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A Worm in My Garden

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Malware and Behavior Analysis – Series Three

 

A Worm in My Garden

 

Introduction:

 

The words malware, virus, and worm are always used to describe some form of cyber malfeasance. Before we go into the analysis of the worm discussed in this article, let us bring some clarity to the lexicon.

 

Malware:    This is short for malicious software. From a technical level malware is software. It is a broad category for harmful code used in attacks. It is usually characterized by the intent of the creator. There are various subcategories for malware, and they consist of spyware, viruses, worms, and Trojans.

 

Worms – This is self-replicating malware that duplicates itself to spread to uninfected computers. The worm will often use parts of the operating system that function in the background unapparent to the user. The infection spreads without user interaction. The worm is usually not spotted until its uncontrolled replication consumes system resources.

 

Viruses – malicious code that replicates by copying itself to another program, boot sector, or document and changes the way the computer operates. A virus requires someone to knowingly or unwittingly spread the infection.

 

Trojan – On the surface the trojan is a program that may appear to look harmless. Unexpected changes to the settings of the computer are indication of a trojan being present. Trojans are not able to be replicated themselves nor can it propagate without the user’s assistance, which is why social engineering is very important when getting someone to launch the Trojan.

 

Spyware – This is software that is installed on a device without the user’s knowledge. Any software can be classified as spyware if it is downloaded without authorization. A Trojan can be considered spyware.

 

Section One:

Analysis – Sandbox

 

Part One

One of the first things we see in our sandbox report is that the family that this worm belongs is the Jorik Trojan family of malware. This type of nefarious entity when it is activated decrypts an auxiliary file contained inside the body of the malware, extracting the file to a temporary folder. The extracted program sends a request to the attacker’s server. A configuration file is usually the reply which the program uses to continue its work.

Part Two:

 

One of the first signs of trouble we note is that the entity has installed itself for autorun at Windows startup and created a hidden file. Obviously no good will come of this. Many times, we have pontificated that it is imperative to identify patient zero. The entity and the behavior that sets the engine in motion. Look no further than this behavior as no entity needs to be doing this.

 

creation of autorun and hidden file

More strange behavior follows which obviously indicates malicious intent – we see:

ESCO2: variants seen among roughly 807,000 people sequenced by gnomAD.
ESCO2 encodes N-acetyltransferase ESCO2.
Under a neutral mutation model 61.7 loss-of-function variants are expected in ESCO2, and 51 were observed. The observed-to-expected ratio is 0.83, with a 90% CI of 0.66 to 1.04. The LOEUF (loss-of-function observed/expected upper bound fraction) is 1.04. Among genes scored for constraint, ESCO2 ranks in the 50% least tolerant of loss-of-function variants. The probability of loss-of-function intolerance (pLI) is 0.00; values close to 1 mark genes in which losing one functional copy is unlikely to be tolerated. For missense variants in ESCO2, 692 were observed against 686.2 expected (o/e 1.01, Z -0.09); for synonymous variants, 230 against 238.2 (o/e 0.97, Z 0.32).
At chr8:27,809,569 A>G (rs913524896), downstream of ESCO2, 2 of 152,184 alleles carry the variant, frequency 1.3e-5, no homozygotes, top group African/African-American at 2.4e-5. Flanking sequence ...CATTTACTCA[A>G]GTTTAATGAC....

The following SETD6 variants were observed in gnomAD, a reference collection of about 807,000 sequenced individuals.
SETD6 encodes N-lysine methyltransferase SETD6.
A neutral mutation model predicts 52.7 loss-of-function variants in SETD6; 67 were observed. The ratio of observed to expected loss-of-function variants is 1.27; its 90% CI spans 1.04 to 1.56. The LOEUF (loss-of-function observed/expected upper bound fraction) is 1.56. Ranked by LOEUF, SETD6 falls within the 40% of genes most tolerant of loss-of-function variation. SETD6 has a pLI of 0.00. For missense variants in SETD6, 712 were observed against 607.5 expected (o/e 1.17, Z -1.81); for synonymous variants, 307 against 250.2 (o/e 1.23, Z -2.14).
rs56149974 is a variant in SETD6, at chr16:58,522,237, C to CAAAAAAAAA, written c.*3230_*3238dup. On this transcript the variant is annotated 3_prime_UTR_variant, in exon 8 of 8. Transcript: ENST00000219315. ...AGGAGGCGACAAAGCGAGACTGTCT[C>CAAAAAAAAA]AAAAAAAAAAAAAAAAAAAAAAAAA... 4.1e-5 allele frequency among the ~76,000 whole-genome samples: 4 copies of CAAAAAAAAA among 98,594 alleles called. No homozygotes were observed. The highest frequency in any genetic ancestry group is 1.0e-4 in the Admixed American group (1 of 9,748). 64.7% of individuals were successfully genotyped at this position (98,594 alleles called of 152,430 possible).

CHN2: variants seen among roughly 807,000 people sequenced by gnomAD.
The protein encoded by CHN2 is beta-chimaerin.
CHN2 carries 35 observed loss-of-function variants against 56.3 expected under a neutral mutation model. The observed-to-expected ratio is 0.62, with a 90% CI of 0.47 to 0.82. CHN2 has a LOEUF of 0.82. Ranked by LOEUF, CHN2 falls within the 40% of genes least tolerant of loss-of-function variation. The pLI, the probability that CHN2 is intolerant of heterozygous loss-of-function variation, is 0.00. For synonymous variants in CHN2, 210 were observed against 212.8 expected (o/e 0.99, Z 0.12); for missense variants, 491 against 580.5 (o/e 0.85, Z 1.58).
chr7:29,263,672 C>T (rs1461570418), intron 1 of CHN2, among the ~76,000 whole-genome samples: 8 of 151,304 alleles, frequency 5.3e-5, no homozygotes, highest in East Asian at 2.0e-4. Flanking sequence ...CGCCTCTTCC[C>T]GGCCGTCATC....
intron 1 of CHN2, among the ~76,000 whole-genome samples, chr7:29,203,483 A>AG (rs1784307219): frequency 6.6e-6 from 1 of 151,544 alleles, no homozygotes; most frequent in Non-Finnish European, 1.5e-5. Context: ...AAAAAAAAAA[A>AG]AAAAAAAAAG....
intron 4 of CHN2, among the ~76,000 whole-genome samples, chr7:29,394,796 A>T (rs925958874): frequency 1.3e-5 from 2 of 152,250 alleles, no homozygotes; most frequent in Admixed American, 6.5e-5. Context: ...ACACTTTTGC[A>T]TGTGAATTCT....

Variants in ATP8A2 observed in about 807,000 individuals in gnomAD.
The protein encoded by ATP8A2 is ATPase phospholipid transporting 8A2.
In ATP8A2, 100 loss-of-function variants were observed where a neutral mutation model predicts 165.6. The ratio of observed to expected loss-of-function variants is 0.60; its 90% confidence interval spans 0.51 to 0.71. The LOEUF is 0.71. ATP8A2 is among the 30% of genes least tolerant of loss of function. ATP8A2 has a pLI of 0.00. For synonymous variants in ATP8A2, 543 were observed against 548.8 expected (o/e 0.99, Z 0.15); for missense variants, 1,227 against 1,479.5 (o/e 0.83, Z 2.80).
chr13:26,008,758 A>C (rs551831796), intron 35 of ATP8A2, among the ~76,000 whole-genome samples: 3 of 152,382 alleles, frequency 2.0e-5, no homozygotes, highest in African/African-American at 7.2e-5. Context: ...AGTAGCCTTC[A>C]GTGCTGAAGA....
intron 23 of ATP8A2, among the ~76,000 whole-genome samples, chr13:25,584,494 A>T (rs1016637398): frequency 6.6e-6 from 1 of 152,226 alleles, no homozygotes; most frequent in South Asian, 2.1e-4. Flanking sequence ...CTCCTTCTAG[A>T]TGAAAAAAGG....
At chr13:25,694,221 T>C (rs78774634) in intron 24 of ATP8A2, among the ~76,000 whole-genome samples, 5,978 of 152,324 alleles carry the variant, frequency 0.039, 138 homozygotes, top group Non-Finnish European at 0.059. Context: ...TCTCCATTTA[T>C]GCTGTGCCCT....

modified copy

Below are the registry keys that are modified so the malware can perform these task –

modifying registry

The dropped file is listed below:

suoes - dropped file

This is a blatant attempt to gain persistence in the operating system – particularly interesting is that it attempts to change the setting for hidden files as well as disabling auto updates. If the operating system is not being monitored this allows for no updates to occur. The writers of the worm most likely want this because usually when these issues are discovered they are patched quickly through an update.  

 

Part Three:

 

In the DNS portion of the report we note some odd URL request which would fall out of the norm. What is the norm you may ask? This is a very good question – the norm would technically be what would fall out of line with a baseline that is established of your system. Hence if you have ninety days of network activity, this data contains what your company or yourself does. It is your “day to day” activities. Anything outside of what is in that data would be considered out of the norm. In this case we see dns references to something called ns1.musiczipz.com and other similar domain names. This is “odd” and whatever alert system you are using should pick it up.

dns-lookups-vobfus

Part Four:

When a malicious entity begins its work, it must read files. This is fuzzy. On one hand many programs read the system files of the operating system especially during an install, but if your alerts are setup correctly or you have Cybercrypto watching, you should be able to catch rogue files reading operating system files as they fall out of the norm. Here we see the initial file that was the malware read AFD as well as CMApi. CMApi along with DeviceApi allows a normal user to create arbitrary registry keys in the hive leading to privilege escalation. Here we see the malware reading the very files that will allow it to do damage.

kiato reading files

Part Five:

Under modified files we find something alarming. The Afd device is a symbolic link that is used for transferring packets to the local network and internet. Here we see the dropped file modify this symbolic link –

suoes modification

Part Six:

 

Strings are ASCII or Unicode printable sequences of characters embedded within the malware. In this one, there are some bizarre entries. I have listed some interesting strings that were extracted, the purpose though is unclear as to why these strings where in the malware. A deeper dive would most likely help answer this.

This program requires Microsoft DirectX7. ERacer
IID_IDirect3DHALDevice

\snd\fmt.wav

welcome to ERACER ... demonstrating industrial quality 3D using visual basic ...
use arrow keys to steer, space to jump, ctrl to fire ... use menu buttons to change environment and start combat ...
new fighter arrived ... Jaguar
Warthog daytime changed